Fifteen years ago I weighed over 300 pounds and almost every meal I put on our table was full of processed foods. Casseroles with creamed soups topped with buttery crackers were the norm for our family. I bought only canned vegetables and we ate lots of fruit topped with sugar. I occasionally even let my kids have frozen kids dinners which were about as healthy as a chocolate bar.
Everything changed when I got serious about my weight loss and ended up losing half of my body weight. All in all I lost 150 pounds and write about my weight loss on my blog, Fit to the Finish. In the ensuing fifteen years, I have learned a lot about nutrition and healthy eating. One thing I haven’t done though, is become a gourmet cook or a foodie.
I’m okay with that.
You see, I have seven kids and am a simple cook at heart. I used to pour over glossy food magazines imagining the happiness on my family’s face when I served them a beautiful, exotic dish of food. The reality of being a busy mom to a family of nine means that my goals are to serve healthy nutritious food that is easy to prepare and delicious. Sometimes, it is even attractive.
It all begins with planning. Sure it is easy to pour some soup on chicken, top it with crackers, and call that a well-balanced, healthy meal. But the truth of the matter is that the chemicals, sodium, and unpronounceable ingredients are not things your body needs. Planning your meals can be done on a single piece of paper or a great app on your phone.
When I sit down to plan the meals for my family, I begin with the main dish. We eat chicken a few times a week, but all our other meals are vegetarian in nature. I write down the main dish for all seven upcoming nights. A typical main dish week for us would be simple foods such as rosemary chicken, minestrone soup, black bean and rice tortillas, stir-fry chicken, vegetarian lasagna, teriyaki vegetable bake with brown rice, and panko dipped chicken fingers.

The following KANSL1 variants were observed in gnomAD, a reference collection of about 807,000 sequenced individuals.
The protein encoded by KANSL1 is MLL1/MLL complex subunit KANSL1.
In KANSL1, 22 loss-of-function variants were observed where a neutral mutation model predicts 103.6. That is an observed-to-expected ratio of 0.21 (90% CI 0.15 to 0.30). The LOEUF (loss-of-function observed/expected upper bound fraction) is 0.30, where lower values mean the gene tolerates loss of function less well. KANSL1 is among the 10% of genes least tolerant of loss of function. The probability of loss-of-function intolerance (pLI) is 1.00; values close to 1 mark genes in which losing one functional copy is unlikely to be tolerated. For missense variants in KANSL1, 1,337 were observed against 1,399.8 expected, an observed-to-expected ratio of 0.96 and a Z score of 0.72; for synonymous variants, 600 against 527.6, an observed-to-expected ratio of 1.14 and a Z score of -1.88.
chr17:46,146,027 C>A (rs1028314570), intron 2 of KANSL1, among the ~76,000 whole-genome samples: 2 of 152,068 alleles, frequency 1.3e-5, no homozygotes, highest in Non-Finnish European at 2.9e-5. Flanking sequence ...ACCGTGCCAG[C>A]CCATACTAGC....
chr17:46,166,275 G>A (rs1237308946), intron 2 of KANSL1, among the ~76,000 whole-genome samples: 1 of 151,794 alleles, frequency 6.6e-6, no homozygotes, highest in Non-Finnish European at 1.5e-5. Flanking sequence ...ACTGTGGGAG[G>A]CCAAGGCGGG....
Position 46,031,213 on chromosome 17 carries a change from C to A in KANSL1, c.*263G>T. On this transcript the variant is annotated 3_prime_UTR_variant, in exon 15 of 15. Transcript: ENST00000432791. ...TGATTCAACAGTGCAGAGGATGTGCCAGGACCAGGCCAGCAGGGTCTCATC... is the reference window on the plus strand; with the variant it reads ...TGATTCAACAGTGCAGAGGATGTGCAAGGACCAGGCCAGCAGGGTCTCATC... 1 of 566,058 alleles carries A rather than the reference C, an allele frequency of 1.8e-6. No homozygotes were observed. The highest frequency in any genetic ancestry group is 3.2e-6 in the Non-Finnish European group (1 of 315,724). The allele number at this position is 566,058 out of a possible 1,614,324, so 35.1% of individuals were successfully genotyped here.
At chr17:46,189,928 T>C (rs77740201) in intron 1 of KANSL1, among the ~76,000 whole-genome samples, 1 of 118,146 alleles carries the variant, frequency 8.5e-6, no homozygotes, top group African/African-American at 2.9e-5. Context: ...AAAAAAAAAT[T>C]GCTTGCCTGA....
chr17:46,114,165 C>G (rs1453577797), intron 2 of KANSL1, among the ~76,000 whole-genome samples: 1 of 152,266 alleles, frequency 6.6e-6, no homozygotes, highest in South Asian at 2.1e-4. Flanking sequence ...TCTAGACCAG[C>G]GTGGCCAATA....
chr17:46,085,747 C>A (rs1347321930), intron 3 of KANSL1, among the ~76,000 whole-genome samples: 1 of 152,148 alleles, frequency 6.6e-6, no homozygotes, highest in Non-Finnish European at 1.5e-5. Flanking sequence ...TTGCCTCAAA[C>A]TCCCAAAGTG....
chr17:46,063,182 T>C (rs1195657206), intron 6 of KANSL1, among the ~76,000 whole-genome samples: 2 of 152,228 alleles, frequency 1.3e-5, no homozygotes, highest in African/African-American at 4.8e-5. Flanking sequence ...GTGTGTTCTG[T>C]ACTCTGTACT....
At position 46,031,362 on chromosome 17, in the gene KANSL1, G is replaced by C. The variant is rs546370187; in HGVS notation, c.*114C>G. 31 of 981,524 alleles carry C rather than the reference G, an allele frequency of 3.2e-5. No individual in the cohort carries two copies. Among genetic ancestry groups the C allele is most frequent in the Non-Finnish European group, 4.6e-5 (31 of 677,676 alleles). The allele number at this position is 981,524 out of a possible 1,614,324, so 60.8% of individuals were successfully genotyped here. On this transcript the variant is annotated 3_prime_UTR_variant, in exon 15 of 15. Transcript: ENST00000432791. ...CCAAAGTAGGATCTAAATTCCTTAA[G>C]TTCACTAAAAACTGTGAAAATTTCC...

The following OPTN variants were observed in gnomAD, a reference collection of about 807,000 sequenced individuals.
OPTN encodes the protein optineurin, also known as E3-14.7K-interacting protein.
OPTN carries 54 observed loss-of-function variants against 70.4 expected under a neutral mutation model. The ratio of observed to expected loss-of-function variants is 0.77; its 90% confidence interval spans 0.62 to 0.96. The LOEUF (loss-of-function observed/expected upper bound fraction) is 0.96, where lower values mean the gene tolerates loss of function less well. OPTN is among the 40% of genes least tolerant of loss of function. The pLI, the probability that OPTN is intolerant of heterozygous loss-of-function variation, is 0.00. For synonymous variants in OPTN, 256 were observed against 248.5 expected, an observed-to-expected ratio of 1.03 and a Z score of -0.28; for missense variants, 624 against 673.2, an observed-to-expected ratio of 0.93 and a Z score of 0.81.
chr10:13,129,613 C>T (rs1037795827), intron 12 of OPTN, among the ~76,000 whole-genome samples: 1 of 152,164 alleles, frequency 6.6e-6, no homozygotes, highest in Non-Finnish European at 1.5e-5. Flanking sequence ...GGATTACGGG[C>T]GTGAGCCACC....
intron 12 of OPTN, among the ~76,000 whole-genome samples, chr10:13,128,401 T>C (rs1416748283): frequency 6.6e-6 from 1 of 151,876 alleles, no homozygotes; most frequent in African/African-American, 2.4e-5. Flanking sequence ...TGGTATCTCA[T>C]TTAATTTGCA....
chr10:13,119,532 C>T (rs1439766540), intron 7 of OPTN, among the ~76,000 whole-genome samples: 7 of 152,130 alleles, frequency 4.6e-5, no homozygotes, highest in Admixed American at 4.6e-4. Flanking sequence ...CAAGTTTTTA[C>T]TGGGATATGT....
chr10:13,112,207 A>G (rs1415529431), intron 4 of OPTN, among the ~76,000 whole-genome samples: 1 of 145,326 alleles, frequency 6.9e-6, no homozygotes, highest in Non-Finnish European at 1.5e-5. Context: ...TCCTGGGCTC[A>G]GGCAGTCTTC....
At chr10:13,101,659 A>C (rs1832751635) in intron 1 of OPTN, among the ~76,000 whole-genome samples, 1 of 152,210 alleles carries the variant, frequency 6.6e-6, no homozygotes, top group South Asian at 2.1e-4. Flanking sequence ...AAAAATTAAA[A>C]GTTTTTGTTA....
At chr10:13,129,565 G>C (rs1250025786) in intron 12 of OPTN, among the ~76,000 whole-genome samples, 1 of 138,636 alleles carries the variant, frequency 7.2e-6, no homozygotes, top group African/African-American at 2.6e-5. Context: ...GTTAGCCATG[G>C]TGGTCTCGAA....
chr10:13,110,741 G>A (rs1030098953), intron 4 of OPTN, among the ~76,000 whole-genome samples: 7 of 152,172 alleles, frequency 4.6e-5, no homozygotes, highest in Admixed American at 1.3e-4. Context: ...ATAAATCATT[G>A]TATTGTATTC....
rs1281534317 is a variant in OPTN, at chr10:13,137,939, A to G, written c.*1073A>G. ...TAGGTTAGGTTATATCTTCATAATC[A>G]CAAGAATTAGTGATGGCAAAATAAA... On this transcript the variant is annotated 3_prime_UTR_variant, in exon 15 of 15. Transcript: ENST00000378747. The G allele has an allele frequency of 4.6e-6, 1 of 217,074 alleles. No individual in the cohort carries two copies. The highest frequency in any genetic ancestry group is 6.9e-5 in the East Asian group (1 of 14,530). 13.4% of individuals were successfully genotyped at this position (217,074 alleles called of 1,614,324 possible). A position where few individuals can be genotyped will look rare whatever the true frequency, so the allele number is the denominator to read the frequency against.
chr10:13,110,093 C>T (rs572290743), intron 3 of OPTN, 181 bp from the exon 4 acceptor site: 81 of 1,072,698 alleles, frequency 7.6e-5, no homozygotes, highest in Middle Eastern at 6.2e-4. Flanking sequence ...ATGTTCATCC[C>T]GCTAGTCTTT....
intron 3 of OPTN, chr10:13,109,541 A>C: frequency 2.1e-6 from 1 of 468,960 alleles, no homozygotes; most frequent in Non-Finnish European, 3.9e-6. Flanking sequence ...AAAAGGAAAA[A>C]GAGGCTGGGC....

After I have the main dishes written out, I simply section off a piece of paper into aisles of my grocery store. (If you are in need, here is a.pdf download of a grocery store list by aisle and a meal planning worksheet from my book, 150 Pounds Gone Forever. ) After planning the main dishes, I add in simple, easy-to-prepare side dishes such as salad, steamed vegetables, roasted root vegetables, whole-wheat rolls, and fruit. Every time I add a dish to my menu, I simultaneously add the ingredients I will need to purchase for the week. I repeat the same process for lunch and breakfast.
The whole exercise takes me less than 30 minutes.
People ask me about coupons. Honestly, because we eat so little processed food, I find very few food coupons in the paper that help me out. There are some breakfast cereal coupons that we occasionally use, and I do like finding yogurt coupons. But aside from those, I am not a coupon queen. I do find that I spend less money at the grocery store than my friends who have smaller families because I am foregoing Oreos, expensive crackers, prepackaged deli lunches, and frozen meals.
The benefits of planning simple, delicious meals to serve your family are numerous and exponential in nature. I see my older children developing a very discerning palette when it comes to processed foods. They often refuse to eat highly processed foods when out in social situations and tell me later that the food looked unappetizing and “disgusting.” My younger children have grown up with simple, homemade, unprocessed foods and some of them have never set foot in a McDonald’s or Burger King. My hope is that as they grow older they will pass on the love of simple, homemade food to their families.
Planning and cooking great tasting meals for your family is not a chore, but rather a blessing that you can give your family every single day of the year.